Monthly Archives: August 2018

East End Theatre

Cultural snobbery is nothing new as this extract from Thomas W. Erle’s 1862 Letters From a Theatrical Scene Painter amply makes clear.

Sweeney Todd, the Demon Barber

(at the Royal Britannia Theatre, Hoxton)

An evening at the Britannia during the run of The String of Pearls; or, The Barber Fiend of Fleet Street, was to sup full of horror. In the vulgar tongue of Hoxton and elsewhere, a full supper is called a “tightener”. The expression is coarse, no doubt, yet suggestive. Abominably so. Going to see The Barber Fiend was a tightener of horrors, like a visit to the small room at Madame Tussaud’s.
The proceedings on the stage, of a midnight assassin who finds his victim asleep, are inscrutable. he looks at him-starts-recolis-then turns to the audience, and in a whisper fraught with tremendous significance pits them in possessionof a circumstance which they have already had abundant opportunity of observing for themselves, namely, that “he sleeps!” he then proceeds to execute a series of brisk, but elaborate, manoeuvres about the stage, comprising a body of tactics sufficient to carry a small army through an ordinary campaign. I have never enjoyed the advantage of witnessing the perpetration of a murder off the stage, but it would seem to be unlikely that when such transcations take place ion real life they are attended by the complicated evolutions above described. They correspond in point of eccentricity to the funny things which some people do on receiving a letter whose contents they are dying to know. They contemplate it externally in every possible oint of view, and the aspect which it presents when held topsy turvy would appear to be a source to them of the most animated interest. It is subjected to a protracted course of manipulation, and in the process is done everything in the world to but read.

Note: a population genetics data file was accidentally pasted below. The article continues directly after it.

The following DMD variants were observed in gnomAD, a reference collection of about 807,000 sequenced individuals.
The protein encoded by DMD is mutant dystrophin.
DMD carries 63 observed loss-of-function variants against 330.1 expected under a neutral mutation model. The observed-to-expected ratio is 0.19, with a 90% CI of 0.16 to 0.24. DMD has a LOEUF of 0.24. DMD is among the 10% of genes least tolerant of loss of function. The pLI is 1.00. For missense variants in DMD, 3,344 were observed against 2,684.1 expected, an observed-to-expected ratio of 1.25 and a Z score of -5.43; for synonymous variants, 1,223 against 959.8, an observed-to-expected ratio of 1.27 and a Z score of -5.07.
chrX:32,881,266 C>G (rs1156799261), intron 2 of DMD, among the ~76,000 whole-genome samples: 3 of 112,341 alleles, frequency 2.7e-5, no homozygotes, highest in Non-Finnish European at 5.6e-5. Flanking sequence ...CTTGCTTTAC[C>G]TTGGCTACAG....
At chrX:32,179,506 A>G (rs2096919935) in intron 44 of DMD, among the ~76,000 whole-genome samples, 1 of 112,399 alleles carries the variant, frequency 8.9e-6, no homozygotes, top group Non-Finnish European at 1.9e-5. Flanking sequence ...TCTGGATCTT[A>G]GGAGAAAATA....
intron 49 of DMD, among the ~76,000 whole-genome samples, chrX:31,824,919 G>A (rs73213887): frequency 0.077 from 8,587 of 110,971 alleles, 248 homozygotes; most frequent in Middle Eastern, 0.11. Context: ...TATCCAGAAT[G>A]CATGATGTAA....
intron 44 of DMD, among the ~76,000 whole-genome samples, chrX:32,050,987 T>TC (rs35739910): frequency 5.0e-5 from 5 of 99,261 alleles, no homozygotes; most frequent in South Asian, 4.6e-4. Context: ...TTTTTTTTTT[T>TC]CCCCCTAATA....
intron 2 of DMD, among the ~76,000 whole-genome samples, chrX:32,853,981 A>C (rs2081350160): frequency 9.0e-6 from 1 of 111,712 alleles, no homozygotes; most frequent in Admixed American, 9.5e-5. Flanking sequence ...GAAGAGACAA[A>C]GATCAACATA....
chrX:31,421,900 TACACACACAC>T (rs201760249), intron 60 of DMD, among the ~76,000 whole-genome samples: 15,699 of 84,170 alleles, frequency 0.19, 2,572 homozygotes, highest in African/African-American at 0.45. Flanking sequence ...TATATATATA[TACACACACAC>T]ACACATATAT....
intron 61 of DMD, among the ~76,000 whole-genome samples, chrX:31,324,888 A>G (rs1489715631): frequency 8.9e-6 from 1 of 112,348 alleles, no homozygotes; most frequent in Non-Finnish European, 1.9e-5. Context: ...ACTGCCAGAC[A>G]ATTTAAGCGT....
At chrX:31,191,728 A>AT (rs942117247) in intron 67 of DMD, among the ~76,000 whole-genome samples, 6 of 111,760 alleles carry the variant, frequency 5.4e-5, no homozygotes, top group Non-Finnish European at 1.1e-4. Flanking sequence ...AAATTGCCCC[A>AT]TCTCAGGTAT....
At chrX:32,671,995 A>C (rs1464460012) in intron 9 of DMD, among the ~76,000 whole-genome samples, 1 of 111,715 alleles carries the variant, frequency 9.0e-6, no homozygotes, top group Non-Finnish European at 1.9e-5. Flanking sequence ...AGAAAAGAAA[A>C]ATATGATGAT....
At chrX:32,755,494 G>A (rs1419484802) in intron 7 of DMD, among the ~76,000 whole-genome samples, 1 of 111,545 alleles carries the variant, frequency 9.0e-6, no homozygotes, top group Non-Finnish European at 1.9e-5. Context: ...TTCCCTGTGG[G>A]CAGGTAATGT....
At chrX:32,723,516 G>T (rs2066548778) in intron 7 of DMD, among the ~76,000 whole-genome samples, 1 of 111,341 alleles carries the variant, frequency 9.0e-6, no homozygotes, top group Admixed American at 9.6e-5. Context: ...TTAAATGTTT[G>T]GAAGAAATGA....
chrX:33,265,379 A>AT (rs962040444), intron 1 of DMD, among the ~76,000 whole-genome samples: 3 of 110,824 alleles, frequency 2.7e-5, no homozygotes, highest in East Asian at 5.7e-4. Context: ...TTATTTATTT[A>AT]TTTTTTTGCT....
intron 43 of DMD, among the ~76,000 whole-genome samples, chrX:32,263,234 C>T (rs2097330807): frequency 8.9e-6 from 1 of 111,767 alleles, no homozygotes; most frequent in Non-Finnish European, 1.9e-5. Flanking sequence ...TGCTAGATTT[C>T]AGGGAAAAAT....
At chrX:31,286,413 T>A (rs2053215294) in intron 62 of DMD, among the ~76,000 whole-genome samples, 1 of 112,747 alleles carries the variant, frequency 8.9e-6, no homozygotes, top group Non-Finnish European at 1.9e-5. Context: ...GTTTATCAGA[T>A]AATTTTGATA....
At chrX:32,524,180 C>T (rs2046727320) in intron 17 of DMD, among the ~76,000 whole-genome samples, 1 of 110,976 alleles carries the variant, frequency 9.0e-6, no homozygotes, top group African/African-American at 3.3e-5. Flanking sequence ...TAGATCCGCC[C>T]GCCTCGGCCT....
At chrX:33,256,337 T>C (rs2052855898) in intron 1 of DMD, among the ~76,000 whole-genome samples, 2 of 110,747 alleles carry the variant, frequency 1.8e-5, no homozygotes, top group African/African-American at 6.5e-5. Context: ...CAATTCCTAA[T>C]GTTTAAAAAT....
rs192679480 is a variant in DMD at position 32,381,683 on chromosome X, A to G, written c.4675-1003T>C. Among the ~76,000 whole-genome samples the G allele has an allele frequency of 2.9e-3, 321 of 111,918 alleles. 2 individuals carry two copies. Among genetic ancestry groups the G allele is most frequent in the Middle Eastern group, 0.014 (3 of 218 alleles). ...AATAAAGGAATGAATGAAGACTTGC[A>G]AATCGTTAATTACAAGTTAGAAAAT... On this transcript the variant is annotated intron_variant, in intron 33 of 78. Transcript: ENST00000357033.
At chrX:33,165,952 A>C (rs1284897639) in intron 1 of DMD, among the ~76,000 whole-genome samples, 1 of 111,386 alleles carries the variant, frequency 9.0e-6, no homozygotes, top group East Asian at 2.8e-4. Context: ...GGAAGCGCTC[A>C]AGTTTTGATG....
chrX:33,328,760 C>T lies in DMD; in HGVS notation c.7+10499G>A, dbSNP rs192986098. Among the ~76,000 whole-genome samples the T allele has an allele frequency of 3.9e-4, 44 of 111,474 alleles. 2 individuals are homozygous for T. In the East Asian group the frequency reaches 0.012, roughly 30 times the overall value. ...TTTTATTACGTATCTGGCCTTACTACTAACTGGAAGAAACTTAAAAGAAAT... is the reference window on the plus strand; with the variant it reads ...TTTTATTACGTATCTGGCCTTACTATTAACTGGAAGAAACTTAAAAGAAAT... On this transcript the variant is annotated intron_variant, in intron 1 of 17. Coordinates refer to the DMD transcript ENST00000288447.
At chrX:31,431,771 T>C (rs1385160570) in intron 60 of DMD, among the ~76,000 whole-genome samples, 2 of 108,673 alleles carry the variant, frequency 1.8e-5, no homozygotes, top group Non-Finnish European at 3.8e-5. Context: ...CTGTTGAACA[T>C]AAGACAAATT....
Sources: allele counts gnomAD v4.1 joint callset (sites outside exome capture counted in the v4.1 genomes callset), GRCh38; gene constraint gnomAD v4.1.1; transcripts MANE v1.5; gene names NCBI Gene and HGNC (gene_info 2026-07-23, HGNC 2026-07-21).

The consummation of a tragical situation at the R B is usually intensified by the tune of “I loves a drop of good beer”, played pensively. Objections might of course be made by tiresome rigorists to the adoption of so genial and festive an air as an accompaniment to proceedings partaking in no degree of a convivial spirit. But those who resort to a theatre in a mean and nasty spirit of petty captiousness are in no proper frame of mind for appreciating the pathetic and touching effects which the management has had an eye to. For my own part, I can concientiously affirm, in the beautiful kind of language used by speakers at public dinners, that on all these occasions “my emotions are of such a character as to be unlike anything which they do not resemble”.
It is desirable that the practice adopted by the Hoxton mothers of taking their babies to the theatre should be discontinued. The small miserables are brought out at the end of the evening with their feathers all rumpled, and their poor eyes all glazed and fishy like those of old debauchees. Their general effect, too, conveys the impression of their having been sat upon, and otherwise exposed to gross personal contumely.
In the Bigelow papers, some slaveholder or other talks of wishing to purchase “a low priced baby” to bring up. Some of these embryo members of the R B public could only, if offered for sale, be got off at a wretchedly low figure, as damaged articles. Besides, too, their own personal sufferings, they are very undesirable neighbours to sit by. For, in the first place, they are apt to be-well-I will forbear to press the details with unpleasant explicitness, and will therefore only say, in general terms-damp.
Very different from the condition of the poor babies is that of the youths in the gallery, who are gifted with a flow of exuberant animal spirits which find a safety-valve in shrill whistlings. . . .